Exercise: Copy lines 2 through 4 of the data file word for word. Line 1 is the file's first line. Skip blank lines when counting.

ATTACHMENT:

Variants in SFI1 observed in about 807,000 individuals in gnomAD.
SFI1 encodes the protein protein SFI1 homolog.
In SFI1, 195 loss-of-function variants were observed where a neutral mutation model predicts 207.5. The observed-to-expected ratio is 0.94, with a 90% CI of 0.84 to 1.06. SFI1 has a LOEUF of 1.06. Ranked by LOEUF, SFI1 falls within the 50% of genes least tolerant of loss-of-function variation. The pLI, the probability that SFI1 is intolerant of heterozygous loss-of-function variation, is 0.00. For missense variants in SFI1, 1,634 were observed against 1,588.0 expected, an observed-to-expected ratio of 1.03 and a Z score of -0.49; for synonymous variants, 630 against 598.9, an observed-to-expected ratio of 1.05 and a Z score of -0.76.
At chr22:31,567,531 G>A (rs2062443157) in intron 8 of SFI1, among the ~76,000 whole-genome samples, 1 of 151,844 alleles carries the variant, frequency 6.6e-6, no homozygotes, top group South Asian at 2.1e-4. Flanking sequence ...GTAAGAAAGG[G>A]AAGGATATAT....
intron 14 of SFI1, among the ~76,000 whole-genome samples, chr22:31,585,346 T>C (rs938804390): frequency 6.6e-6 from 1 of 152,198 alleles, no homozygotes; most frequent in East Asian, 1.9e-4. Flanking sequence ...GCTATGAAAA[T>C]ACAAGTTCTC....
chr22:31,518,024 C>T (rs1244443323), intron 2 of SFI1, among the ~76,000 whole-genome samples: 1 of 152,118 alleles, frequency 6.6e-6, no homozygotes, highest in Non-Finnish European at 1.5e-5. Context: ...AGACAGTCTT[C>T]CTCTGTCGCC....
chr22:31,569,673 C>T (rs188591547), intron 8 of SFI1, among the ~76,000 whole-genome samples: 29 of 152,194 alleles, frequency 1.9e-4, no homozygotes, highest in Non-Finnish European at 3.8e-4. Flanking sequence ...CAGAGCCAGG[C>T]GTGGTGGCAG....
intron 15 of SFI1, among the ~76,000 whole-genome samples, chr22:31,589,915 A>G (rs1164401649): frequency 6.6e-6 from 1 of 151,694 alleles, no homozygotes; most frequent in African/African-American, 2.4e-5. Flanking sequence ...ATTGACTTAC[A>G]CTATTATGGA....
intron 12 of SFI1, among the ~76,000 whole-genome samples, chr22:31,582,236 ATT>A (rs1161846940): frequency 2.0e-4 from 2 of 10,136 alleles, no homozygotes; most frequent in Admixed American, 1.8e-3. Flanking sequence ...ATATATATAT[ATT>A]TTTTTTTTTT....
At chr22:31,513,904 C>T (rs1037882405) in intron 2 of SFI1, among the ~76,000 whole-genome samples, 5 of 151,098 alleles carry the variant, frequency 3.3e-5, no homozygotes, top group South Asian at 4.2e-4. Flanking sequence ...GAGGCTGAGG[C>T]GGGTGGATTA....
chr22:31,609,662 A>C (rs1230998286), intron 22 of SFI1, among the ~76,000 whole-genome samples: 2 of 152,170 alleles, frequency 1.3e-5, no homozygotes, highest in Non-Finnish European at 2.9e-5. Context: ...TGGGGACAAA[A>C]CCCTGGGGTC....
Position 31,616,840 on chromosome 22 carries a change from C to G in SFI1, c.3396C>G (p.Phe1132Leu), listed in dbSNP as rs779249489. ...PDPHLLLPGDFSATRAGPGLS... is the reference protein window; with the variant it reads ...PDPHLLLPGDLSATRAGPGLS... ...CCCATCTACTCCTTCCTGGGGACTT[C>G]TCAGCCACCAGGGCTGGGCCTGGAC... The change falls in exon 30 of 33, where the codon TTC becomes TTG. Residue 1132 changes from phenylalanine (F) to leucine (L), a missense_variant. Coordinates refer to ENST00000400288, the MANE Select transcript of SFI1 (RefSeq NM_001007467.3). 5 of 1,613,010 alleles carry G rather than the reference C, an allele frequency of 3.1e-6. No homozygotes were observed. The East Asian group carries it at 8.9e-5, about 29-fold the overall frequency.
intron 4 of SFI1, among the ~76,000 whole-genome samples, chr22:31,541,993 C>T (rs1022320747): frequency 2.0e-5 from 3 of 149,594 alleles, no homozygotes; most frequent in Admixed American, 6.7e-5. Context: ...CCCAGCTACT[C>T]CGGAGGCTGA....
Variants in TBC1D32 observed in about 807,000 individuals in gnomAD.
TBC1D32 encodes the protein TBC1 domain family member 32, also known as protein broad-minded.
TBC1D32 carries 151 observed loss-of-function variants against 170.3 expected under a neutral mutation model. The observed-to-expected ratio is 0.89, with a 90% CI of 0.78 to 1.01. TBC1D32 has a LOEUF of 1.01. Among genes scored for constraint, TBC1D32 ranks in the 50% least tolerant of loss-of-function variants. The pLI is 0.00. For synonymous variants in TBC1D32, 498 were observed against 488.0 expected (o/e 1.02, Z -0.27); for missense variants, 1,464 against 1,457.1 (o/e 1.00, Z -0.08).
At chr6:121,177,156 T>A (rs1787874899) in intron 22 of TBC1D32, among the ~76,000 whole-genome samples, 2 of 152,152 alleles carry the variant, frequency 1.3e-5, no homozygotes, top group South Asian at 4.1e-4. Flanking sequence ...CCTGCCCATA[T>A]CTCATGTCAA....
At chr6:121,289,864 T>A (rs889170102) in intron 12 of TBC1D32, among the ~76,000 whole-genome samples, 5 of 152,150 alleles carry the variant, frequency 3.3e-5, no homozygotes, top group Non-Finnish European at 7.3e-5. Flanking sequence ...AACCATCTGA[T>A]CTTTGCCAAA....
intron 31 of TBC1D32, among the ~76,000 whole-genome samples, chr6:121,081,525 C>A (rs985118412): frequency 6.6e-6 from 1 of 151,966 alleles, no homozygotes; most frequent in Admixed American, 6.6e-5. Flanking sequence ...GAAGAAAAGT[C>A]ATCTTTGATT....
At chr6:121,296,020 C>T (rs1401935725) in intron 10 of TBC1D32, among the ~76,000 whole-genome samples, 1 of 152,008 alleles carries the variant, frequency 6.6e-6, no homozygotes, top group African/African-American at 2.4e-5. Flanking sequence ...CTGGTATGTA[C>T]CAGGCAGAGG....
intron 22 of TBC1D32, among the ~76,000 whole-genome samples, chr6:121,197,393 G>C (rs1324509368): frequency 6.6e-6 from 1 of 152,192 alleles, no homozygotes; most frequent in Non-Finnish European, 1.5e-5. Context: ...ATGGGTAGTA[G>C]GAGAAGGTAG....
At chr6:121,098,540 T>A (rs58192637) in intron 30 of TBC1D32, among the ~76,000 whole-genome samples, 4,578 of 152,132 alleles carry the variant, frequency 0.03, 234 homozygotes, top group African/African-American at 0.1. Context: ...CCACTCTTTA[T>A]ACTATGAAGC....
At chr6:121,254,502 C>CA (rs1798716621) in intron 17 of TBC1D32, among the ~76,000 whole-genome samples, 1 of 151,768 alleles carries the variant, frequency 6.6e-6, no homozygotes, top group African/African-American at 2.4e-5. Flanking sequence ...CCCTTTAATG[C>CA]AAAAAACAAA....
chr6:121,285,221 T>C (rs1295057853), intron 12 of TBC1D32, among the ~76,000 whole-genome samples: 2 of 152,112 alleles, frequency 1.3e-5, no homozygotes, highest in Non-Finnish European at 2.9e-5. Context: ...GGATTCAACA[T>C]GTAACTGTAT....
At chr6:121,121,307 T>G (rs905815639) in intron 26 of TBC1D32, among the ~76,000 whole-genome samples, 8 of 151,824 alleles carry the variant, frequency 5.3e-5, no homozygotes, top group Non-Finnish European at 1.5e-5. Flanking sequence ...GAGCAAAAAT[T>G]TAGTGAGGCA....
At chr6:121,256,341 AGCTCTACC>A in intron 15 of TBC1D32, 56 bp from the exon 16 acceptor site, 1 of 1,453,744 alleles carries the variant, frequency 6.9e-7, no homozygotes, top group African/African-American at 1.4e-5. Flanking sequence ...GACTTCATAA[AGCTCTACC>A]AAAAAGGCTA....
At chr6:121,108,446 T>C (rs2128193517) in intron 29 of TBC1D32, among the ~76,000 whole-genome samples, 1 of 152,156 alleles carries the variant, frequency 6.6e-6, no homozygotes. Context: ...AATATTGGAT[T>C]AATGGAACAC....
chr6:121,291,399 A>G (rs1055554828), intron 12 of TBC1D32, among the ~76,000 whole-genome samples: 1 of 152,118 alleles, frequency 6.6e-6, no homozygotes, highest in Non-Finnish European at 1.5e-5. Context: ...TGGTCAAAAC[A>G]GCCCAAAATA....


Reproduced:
SFI1 encodes the protein protein SFI1 homolog.
In SFI1, 195 loss-of-function variants were observed where a neutral mutation model predicts 207.5. The observed-to-expected ratio is 0.94, with a 90% CI of 0.84 to 1.06. SFI1 has a LOEUF of 1.06. Ranked by LOEUF, SFI1 falls within the 50% of genes least tolerant of loss-of-function variation. The pLI, the probability that SFI1 is intolerant of heterozygous loss-of-function variation, is 0.00. For missense variants in SFI1, 1,634 were observed against 1,588.0 expected, an observed-to-expected ratio of 1.03 and a Z score of -0.49; for synonymous variants, 630 against 598.9, an observed-to-expected ratio of 1.05 and a Z score of -0.76.
At chr22:31,567,531 G>A (rs2062443157) in intron 8 of SFI1, among the ~76,000 whole-genome samples, 1 of 151,844 alleles carries the variant, frequency 6.6e-6, no homozygotes, top group South Asian at 2.1e-4. Flanking sequence ...GTAAGAAAGG[G>A]AAGGATATAT....